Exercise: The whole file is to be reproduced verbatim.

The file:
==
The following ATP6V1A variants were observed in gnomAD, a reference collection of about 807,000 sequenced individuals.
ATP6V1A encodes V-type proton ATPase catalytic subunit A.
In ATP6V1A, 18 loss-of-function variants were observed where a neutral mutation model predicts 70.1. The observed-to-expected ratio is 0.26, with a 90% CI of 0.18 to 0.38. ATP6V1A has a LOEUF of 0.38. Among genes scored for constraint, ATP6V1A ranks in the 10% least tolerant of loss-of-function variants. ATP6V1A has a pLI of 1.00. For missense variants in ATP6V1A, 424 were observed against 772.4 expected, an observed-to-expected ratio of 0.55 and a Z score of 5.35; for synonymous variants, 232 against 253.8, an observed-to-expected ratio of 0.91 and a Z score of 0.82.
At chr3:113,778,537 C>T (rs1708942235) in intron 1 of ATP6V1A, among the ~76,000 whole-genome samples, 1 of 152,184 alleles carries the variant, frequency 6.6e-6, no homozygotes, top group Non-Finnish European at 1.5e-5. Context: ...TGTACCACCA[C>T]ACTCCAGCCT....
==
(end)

The following ATP6V1A variants were observed in gnomAD, a reference collection of about 807,000 sequenced individuals.
ATP6V1A encodes V-type proton ATPase catalytic subunit A.
In ATP6V1A, 18 loss-of-function variants were observed where a neutral mutation model predicts 70.1. The observed-to-expected ratio is 0.26, with a 90% CI of 0.18 to 0.38. ATP6V1A has a LOEUF of 0.38. Among genes scored for constraint, ATP6V1A ranks in the 10% least tolerant of loss-of-function variants. ATP6V1A has a pLI of 1.00. For missense variants in ATP6V1A, 424 were observed against 772.4 expected, an observed-to-expected ratio of 0.55 and a Z score of 5.35; for synonymous variants, 232 against 253.8, an observed-to-expected ratio of 0.91 and a Z score of 0.82.
At chr3:113,778,537 C>T (rs1708942235) in intron 1 of ATP6V1A, among the ~76,000 whole-genome samples, 1 of 152,184 alleles carries the variant, frequency 6.6e-6, no homozygotes, top group Non-Finnish European at 1.5e-5. Context: ...TGTACCACCA[C>T]ACTCCAGCCT....